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Evaluate Sources

With the explosion of information available at your fingertips, it is more important than ever to evaluate your sources.

You will likely be asked to find scholarly or peer reviewed sources. 

Scholarly sources, also called academic sources, consist of sources that distribute academic research and scholarship. Most scholarly sources are published in academic journal or book form. The authors of scholarly sources are typically scholars and academics, including faculty and students, with known institutional affiliations. The intended audience for these materials is typically researchers, scholars, academics (faculty and students), and other highly informed readers.

You may also hear scholarly sources reviewed to as peer reviewed sources. Peer review is a common, though not universal, process in scholarly publishing whereby a work is reviewed by other experts in the field before publication. There are a variety of styles of peer review, with varying levels of anonymity for the author and reviewers and transparency to the reader. Peer review is intended to evaluate the quality of the scholarship, and ensure that only high quality scholarship is published. If mistakes are made, or research findings are later found to be inaccurate, reputable journals have systems of issuing corrections and retractions to their readers.

When evaluating these sources, look for the following pieces of information:

  • Currency - How recently was the research conducted? How recently was the article published? Some topics demand more current information than others, so don't automatically discount older sources.
  • Relevancy - Is the article relevant to your topic? Look to the abstract for a brief snapshot of the article's contents.
  • Authority - Who is the author? Have they published other articles on the topic? Are they an expert in the field?
  • Data - Take a look at the data or results presented in the article. Does the data support the article's assertions? Was the study well-designed? Does it agree or disagree with other articles you've read?

Backwards Treeing

When you've found a useful resource, look at its References/Citations, and then track down those articles using our databases. Some databases (PsycINFO, PsycARTICLES, ScienceDirect) will even include a list of Cited References:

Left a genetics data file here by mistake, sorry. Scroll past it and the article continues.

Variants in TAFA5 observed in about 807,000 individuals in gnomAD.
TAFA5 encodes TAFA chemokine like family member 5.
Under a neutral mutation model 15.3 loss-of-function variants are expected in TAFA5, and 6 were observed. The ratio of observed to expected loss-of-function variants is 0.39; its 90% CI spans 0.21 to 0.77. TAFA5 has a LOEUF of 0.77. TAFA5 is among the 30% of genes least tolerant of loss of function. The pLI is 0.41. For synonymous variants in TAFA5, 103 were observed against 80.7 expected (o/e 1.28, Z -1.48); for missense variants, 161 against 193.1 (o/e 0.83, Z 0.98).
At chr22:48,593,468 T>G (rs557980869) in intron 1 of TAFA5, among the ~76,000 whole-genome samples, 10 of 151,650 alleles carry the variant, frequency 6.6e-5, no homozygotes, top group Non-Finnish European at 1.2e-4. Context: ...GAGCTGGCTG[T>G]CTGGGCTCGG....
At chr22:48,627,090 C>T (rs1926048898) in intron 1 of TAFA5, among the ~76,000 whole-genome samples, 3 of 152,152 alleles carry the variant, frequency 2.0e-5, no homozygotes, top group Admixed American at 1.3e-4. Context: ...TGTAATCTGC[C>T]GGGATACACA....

Forward Treeing

Some databases (PsycINFO, PsycARTICLES, ScienceDirect) provide you with Cited By information. Essentially, Cited By tells you what other articles cited the initial article you were reading. Below are two images of this, the first in ScienceDirect, and the second in PsycARTICLES.

Additionally, when you find a useful article, note the author(s), it may be a good idea to search for other articles by that author as it is likely they have done other similar or related research.

Searching Tips

Subject Searching:

To find subject headings for your topic:

  • Look to see if the database has an online thesaurus to browse for subjects that match your topic (check the Help screens).

Another way to find subject headings:

  • Start with a keyword search, using words/phrases that describe your topic.
  • Browse the results; choose 2 or 3 that are relevant.
  • Look at the Subject or Descriptor field and note the terms used (write them down).
  • Redo your search using those terms.
  • Your results will be more precise than your initial keyword search.

Subject samples in the search results:

Or after clicking on the article title in the search results:

What are subject headings and keywords?

Subject headings describe the content of each item in a database. Use these headings to find relevant items on the same topic.  Searching by subject headings (a.k.a. descriptors) is the most precise way to search article databases.

It is not easy to guess which subject headings are used in a given database. For example, the phone book's Yellow Pages use subject headings. If you look for "Movie Theatres" you will find nothing, as they are listed under the subject heading "Theatres - Movies."

Keyword searching is how you typically search web search engines.  Think of important words or phrases and type them in to get results.

Here are some key points about each type of search:


  • natural language words describing your topic - good to start with
  • pre-defined "controlled vocabulary" words used to describe the content of each item (book, journal article) in a database
  • more flexible to search by - can combine together in many ways
  • less flexible to search by - need to know the exact controlled vocabulary term
  • database looks for keywords anywhere in the record - not necessarily connected together
  • database looks for subjects only in the subject heading or descriptor field, where the most relevant words appear
  • may yield too many or too few results
  • if too many results - also uses subheadings to focus on one aspect of the broader subject
  • may yield many irrelevant results
  • results usually very relevant to the topic


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